The IC Whistleblower and Impeachment: Notes and Links

Timeline of events related to the Ukraine-investigation

  • Wendy Cai et al., “Trump’s Efforts to Push Ukraine Toward a Biden Inquiry: A Timeline.” New York Times (dated Sep. 26, 2019; printed on Sunday the 29th).

White House talking points

  • In initial defense against the whistleblower claims, the White House accidentally broadcast this memo of talking points intended for Republican members of Congress but accidentally emailed to all members

Text messages among U.S. ambassadors re: Ukraine:

The Crowdstrike-Ukraine conspiracy theory

Elements of the Crowdstrike-Ukraine theory:

  • The company with which DNC contracted to investigate its computer security program is Ukraine-based (false) or Ukrainian-owned (no evidence)
  • A Ukrainian legislator provided to westerners the ledger from the Yanukovych administration showing illicit payments of state funds to Manafort (true); it was a fabrication (no evidence).
  • It was Ukrainians who actually staged the ransacking of DNC and Clinton campaign emails, making it appear as though Russians were responsible (completely at odds with FBI/NSC/DoJ reports).
  • Evidence of this is to be found on the physical server on which the DNC had kept its emails (nonsensical), which is currently hidden away someplace in Ukraine (evidently not true; it is claimed to be the one on display at DNC headquarters alongside the broken Watergate file cabinet).

The Biden corruption theory

Stephanie Baker and Daryna Krasnolutska, “Timeline in Ukraine Probe Casts Doubt on Giuliani’s Biden Claim.” Bloomberg (posted May 6, 2019)

See also:

The impeachment process

The courts' role in impeachment:   Nixon v. U.S. (1993) -- Federal Judge Walter Nixon went to prison for perjury in the course of an investigation for intervening informally in a state court drug prosecution. He refused to resign, and was impeached by the House. The Senate chose the procedure of having a committee hear evidence and report findings to the full Senate, which (in 1989) convicted. Nixon sued, claiming that the full Senate must conduct the entire trial process. The Court held unanimously that such procedural decisions are not justiciable, based on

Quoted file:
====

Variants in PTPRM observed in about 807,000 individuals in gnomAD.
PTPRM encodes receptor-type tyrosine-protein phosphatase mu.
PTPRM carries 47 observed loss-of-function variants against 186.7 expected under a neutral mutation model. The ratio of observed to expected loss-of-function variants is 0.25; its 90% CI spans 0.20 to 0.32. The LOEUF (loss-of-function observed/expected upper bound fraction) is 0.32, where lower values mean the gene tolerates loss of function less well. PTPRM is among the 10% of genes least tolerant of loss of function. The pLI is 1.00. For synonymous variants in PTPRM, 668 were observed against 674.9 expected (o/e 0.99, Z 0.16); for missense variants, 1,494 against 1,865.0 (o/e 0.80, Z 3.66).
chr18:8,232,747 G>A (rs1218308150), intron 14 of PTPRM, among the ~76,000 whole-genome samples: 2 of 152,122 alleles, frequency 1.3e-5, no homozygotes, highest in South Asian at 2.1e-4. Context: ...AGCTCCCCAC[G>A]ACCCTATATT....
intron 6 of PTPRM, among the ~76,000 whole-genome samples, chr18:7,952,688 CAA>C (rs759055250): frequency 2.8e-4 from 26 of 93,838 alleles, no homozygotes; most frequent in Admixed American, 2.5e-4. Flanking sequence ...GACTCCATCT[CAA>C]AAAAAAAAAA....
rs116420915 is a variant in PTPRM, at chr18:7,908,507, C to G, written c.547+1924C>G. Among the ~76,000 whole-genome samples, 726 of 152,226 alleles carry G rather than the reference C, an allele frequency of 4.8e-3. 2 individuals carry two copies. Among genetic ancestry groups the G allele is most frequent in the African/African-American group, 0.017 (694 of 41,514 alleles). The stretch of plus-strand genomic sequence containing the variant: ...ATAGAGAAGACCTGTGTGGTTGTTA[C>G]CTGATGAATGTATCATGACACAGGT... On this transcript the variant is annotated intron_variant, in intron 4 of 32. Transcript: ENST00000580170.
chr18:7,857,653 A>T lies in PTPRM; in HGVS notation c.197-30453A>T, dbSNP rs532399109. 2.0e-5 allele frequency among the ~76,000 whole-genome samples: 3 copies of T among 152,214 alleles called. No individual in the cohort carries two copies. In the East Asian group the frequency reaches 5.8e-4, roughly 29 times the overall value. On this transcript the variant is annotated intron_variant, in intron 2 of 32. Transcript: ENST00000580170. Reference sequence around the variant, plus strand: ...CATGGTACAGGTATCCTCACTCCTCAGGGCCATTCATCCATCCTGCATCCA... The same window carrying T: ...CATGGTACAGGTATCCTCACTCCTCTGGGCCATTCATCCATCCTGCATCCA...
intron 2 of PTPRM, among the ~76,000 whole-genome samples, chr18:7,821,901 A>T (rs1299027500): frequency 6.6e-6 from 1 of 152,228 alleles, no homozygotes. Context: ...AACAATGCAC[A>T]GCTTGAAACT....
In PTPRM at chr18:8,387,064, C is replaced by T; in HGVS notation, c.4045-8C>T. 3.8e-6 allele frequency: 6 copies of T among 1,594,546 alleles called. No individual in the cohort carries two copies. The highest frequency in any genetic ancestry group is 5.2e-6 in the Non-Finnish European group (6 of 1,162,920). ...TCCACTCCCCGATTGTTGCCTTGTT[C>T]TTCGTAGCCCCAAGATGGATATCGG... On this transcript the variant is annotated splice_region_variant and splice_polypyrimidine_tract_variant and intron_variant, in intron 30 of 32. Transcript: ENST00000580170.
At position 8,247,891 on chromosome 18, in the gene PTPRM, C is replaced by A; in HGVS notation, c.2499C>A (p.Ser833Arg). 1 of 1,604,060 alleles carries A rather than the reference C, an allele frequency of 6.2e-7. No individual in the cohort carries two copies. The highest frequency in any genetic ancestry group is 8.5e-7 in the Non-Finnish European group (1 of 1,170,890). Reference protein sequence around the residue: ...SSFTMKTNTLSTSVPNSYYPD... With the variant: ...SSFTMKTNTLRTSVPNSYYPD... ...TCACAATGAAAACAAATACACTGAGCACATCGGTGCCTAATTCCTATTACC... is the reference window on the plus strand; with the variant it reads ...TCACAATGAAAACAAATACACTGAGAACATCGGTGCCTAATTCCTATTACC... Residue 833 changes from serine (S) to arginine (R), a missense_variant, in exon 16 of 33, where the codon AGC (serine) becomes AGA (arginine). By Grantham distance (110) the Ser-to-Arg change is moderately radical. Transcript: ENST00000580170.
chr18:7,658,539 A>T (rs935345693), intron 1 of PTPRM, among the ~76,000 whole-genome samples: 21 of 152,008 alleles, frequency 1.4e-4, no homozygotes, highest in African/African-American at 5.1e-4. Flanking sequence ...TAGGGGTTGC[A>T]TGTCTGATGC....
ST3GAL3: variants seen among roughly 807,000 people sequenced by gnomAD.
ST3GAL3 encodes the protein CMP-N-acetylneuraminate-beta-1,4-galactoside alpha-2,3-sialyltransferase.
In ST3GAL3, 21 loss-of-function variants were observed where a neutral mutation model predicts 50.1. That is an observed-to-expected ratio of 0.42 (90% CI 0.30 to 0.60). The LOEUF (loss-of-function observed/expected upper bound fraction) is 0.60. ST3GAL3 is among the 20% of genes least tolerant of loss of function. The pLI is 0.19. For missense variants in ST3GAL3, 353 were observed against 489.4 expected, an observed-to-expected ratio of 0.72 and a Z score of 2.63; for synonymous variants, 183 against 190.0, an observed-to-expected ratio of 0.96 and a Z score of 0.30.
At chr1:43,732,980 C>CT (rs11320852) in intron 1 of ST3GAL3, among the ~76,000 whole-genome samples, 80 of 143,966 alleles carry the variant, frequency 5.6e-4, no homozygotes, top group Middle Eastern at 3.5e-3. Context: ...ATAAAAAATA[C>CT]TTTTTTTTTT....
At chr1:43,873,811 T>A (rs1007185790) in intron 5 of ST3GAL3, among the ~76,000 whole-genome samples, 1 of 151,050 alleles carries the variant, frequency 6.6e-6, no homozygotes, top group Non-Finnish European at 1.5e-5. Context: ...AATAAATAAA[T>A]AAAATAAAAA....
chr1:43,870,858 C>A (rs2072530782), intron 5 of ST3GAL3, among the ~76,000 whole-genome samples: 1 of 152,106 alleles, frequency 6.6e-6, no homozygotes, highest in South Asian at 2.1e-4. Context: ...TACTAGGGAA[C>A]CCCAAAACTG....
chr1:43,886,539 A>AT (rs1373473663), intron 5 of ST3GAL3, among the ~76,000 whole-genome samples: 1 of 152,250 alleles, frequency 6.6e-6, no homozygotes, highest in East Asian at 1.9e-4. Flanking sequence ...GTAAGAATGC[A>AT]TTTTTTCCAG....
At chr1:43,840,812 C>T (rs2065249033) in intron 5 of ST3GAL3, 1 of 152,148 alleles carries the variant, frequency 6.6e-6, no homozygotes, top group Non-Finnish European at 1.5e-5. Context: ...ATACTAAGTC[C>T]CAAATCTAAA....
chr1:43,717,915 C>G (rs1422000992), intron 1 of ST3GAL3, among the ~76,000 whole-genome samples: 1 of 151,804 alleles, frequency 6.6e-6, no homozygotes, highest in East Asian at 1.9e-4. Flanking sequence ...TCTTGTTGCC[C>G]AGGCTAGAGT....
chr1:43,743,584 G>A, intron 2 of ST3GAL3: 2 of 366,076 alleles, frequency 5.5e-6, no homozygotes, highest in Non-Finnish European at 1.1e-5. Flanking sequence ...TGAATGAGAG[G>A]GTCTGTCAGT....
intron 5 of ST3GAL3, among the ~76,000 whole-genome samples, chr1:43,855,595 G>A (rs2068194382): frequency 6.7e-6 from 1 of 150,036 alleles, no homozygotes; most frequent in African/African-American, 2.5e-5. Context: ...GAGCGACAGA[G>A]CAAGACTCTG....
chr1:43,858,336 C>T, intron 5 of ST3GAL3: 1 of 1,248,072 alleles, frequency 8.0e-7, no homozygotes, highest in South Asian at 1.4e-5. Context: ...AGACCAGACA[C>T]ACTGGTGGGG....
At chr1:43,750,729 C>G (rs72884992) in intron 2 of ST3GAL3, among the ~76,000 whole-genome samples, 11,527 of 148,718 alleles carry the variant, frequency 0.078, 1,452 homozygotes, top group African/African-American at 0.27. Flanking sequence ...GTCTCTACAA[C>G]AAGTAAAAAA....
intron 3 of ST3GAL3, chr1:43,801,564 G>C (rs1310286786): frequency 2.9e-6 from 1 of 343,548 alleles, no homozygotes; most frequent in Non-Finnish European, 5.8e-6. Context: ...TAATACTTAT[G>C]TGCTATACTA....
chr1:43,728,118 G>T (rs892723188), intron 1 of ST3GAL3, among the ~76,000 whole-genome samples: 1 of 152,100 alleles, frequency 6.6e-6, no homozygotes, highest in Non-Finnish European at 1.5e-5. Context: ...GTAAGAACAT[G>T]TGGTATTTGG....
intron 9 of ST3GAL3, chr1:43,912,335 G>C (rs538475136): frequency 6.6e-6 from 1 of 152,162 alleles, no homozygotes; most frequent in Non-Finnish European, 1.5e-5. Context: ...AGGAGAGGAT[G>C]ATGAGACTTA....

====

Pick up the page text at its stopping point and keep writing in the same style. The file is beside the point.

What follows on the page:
• The Senate impeachment clause (Art. I sec. 3) "The Senate shall have sole power to try any impeachments."
  • The proceedings clause (Art. I sec. 5) "Each House may determine the rules of its proceedings." The opinion notes that use of fact-finding committee in legislative procedures was a common practice at the time of the Framing.
  • The same decision resulted in rejection of a suit by Judge Alcee Hastings, who had been convicted in 1989 by the Senate and had appealed on the grounds that he was acquitted in criminal court.

A procedural timeline (so far):

Jul 26 Nadler, announcing lawsuit to obtain grand jury material from DoJ, says Judiciary Cmte is pursuing a de facto impeachment inquiry

Aug 8 Nadler says “This is formal impeachment proceedings”

Sep 13 Schiff subpoenas Maguire to obtain whistleblower report
Sep 18 Schiff letter to DNI

Sep 22 In press conf at UN, Trump admits speaking with Zelensky specifically about Biden

Sep 24 Following a caucus of House Democrats, Pelosi announces that an impeachment inquiry is officially underway

Sep 26 Release of complaint; Maguire testimony

Oct 8 White House cancels Sondland testimony; WH Counsel writes letter to Speaker and House Committee Chairs calling impeachment inquiry illegitimate.